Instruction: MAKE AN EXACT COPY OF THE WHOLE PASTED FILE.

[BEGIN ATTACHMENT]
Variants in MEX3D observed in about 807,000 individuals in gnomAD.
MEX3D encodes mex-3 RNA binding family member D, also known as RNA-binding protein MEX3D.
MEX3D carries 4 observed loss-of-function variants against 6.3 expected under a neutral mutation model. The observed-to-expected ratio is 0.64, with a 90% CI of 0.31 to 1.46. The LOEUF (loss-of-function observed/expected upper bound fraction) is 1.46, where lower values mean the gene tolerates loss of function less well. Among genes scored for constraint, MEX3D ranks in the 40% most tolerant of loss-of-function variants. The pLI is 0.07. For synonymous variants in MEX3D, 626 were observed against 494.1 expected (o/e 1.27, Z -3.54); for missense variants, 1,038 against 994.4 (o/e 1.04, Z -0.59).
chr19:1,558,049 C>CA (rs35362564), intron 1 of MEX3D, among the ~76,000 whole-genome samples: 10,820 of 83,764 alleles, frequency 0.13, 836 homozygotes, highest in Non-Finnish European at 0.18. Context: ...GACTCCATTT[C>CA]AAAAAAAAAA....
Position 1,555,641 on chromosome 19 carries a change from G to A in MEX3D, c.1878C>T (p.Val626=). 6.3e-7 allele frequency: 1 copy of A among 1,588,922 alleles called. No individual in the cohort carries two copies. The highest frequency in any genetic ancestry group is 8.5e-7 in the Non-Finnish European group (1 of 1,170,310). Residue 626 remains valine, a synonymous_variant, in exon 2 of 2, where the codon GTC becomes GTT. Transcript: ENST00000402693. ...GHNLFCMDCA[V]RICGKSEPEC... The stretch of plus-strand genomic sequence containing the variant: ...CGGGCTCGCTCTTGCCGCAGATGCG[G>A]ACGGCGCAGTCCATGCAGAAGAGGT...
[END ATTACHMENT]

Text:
Variants in MEX3D observed in about 807,000 individuals in gnomAD.
MEX3D encodes mex-3 RNA binding family member D, also known as RNA-binding protein MEX3D.
MEX3D carries 4 observed loss-of-function variants against 6.3 expected under a neutral mutation model. The observed-to-expected ratio is 0.64, with a 90% CI of 0.31 to 1.46. The LOEUF (loss-of-function observed/expected upper bound fraction) is 1.46, where lower values mean the gene tolerates loss of function less well. Among genes scored for constraint, MEX3D ranks in the 40% most tolerant of loss-of-function variants. The pLI is 0.07. For synonymous variants in MEX3D, 626 were observed against 494.1 expected (o/e 1.27, Z -3.54); for missense variants, 1,038 against 994.4 (o/e 1.04, Z -0.59).
chr19:1,558,049 C>CA (rs35362564), intron 1 of MEX3D, among the ~76,000 whole-genome samples: 10,820 of 83,764 alleles, frequency 0.13, 836 homozygotes, highest in Non-Finnish European at 0.18. Context: ...GACTCCATTT[C>CA]AAAAAAAAAA....
Position 1,555,641 on chromosome 19 carries a change from G to A in MEX3D, c.1878C>T (p.Val626=). 6.3e-7 allele frequency: 1 copy of A among 1,588,922 alleles called. No individual in the cohort carries two copies. The highest frequency in any genetic ancestry group is 8.5e-7 in the Non-Finnish European group (1 of 1,170,310). Residue 626 remains valine, a synonymous_variant, in exon 2 of 2, where the codon GTC becomes GTT. Transcript: ENST00000402693. ...GHNLFCMDCA[V]RICGKSEPEC... The stretch of plus-strand genomic sequence containing the variant: ...CGGGCTCGCTCTTGCCGCAGATGCG[G>A]ACGGCGCAGTCCATGCAGAAGAGGT...